There Was the Suffering of His Soul
In the early stage of making atonement Jesus suffered… all the assaults that human treachery could heap upon Him. From the common people in the mob to the religious leaders in their assemblies reproach, insults and vile accusations were hurled against Him. Those He served rejected Him; those He loved hated Him; those He tried to reach scorned Him. Perhaps, most grievous of all, those He called and trained deserted Him. From the Garden of Gethsemane to the cross Jesus experienced the pains of betrayal, abandonment and intense aloneness.
This we can see and imagine, but this was the least of what He suffered in His soul.
In the latter stage of making atonement Jesus suffered… the full onslaught of our sins. Until this dreadful moment He had known sin only as a temptation to be resisted. At the cross thoughts and feelings the sinless One had never known as His own came crashing down upon Him. Paul revealed that on the cross Jesus actually became our sins—he was (somehow) infused with and united to our sins.
For our sake he made him to be sin who knew no sin, so that in him we might become the righteousness of God. 2 Corinthians 5:21 ESV
This meant that Jesus was forced to experience our feelings of anger saturated with hatred, of bitterness as hard as stone, and of lust as insatiable as fire. Our untrusting fears, anxieties and faithless terrors crawled through His heart and mind, along with our ugly prejudices and heartless apathies. He was forced to feel within Himself our loneliness that reeks with self-pity; our jealousies and envies that love nothing but their own self-seeking; and our pride and ambition in all of its scheming forms. These foul thoughts and feelings of our sin nature—so common for us—now swirled through Jesus like a sewer.
Surely this was His final and most terrible suffering? No, there was worse to come.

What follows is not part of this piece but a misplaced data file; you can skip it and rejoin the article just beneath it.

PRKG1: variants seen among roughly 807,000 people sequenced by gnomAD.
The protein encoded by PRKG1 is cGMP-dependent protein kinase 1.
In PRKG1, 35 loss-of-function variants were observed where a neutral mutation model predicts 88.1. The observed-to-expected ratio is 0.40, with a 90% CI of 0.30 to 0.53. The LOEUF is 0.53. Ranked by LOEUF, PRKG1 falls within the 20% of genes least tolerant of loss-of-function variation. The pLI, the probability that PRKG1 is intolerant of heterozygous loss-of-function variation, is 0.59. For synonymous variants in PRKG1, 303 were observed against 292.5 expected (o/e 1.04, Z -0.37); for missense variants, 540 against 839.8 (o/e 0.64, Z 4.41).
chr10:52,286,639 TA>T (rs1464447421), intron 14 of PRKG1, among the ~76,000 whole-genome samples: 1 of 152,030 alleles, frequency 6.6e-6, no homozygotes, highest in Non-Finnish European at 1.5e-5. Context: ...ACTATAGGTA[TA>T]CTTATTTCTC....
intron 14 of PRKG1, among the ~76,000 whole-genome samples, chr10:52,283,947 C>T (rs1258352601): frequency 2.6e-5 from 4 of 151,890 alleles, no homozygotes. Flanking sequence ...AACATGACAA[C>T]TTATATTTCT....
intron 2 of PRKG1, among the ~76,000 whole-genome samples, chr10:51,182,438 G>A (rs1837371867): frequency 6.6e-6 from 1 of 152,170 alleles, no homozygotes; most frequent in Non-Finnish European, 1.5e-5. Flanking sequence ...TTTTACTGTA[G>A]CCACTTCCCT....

There Was the Suffering in His Spirit
(It has to be acknowledged that this is a mystery so deep we can barely lift the veil.)
In the first stage of making atonement Jesus suffered… not the appalling experiences of what our sin is like, but its dreadful consequences. Sin darkens, deadens, defiles and destroys all that it touches. Inevitably, indwelling sin began mutilating Jesus. The supremely enlightened One experienced our mental and spiritual darkness. The Spirit-filled One experienced our deadness to life and love. The Holy One of Israel experienced our defilement from sin. The Prince of Peace experienced the destruction of peace and inward wholeness. Just as unrelieved sin squeezes and crushes the life out of us, so Jesus experienced it in far fuller measure. He who knew no sin was being made to be the sins, not of one individual, but of all humanity.
Incredibly, we are not there yet.
These evils previously described are unworthy of being compared to the worst suffering of all. This may well have been what Jesus saw in the cup the Father showed Him at Gethsemane. Here was the ultimate suffering, the one that He would gladly have set aside, if only the Father could have devised another way to save us.
And he withdrew from them about a stone’s throw, and knelt down and prayed, saying, “Father, if you are willing, remove this cup from me. Nevertheless, not my will, but yours, be done.” Luke 22:41-42 ESV
In this final stage of making atonement Jesus suffered… the unimaginable. It was perhaps as unimaginable for Him as it surely is for us. None of us who are the redeemed will ever come close to this. We will certainly have known sin and its consequences, but not this—thank God! Jesus received within Himself the horror of sin’s ultimate penalty. For the first time in all the eons of uncreated time, Jesus experienced—not hell—but a desolating separation from His Father’s loving presence. There! There is the thing He dreaded most: Rejected and utterly separated from God!